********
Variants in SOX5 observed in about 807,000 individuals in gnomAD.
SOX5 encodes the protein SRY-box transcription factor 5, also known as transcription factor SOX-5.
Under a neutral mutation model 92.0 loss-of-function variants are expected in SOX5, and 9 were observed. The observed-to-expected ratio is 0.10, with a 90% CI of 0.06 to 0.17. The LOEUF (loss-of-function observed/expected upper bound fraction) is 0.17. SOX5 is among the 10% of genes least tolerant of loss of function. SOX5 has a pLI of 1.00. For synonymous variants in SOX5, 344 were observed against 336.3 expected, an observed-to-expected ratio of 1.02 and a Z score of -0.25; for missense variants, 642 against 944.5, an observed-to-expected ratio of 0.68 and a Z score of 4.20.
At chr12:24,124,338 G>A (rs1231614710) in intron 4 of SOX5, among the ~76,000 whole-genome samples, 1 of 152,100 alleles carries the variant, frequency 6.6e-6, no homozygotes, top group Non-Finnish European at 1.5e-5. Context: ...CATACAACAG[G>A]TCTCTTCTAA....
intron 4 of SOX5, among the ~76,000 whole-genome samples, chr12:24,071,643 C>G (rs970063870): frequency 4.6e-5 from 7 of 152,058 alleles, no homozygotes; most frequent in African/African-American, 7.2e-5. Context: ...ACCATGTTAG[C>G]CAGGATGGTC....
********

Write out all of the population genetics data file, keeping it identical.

Variants in SOX5 observed in about 807,000 individuals in gnomAD.
SOX5 encodes the protein SRY-box transcription factor 5, also known as transcription factor SOX-5.
Under a neutral mutation model 92.0 loss-of-function variants are expected in SOX5, and 9 were observed. The observed-to-expected ratio is 0.10, with a 90% CI of 0.06 to 0.17. The LOEUF (loss-of-function observed/expected upper bound fraction) is 0.17. SOX5 is among the 10% of genes least tolerant of loss of function. SOX5 has a pLI of 1.00. For synonymous variants in SOX5, 344 were observed against 336.3 expected, an observed-to-expected ratio of 1.02 and a Z score of -0.25; for missense variants, 642 against 944.5, an observed-to-expected ratio of 0.68 and a Z score of 4.20.
At chr12:24,124,338 G>A (rs1231614710) in intron 4 of SOX5, among the ~76,000 whole-genome samples, 1 of 152,100 alleles carries the variant, frequency 6.6e-6, no homozygotes, top group Non-Finnish European at 1.5e-5. Context: ...CATACAACAG[G>A]TCTCTTCTAA....
intron 4 of SOX5, among the ~76,000 whole-genome samples, chr12:24,071,643 C>G (rs970063870): frequency 4.6e-5 from 7 of 152,058 alleles, no homozygotes; most frequent in African/African-American, 7.2e-5. Context: ...ACCATGTTAG[C>G]CAGGATGGTC....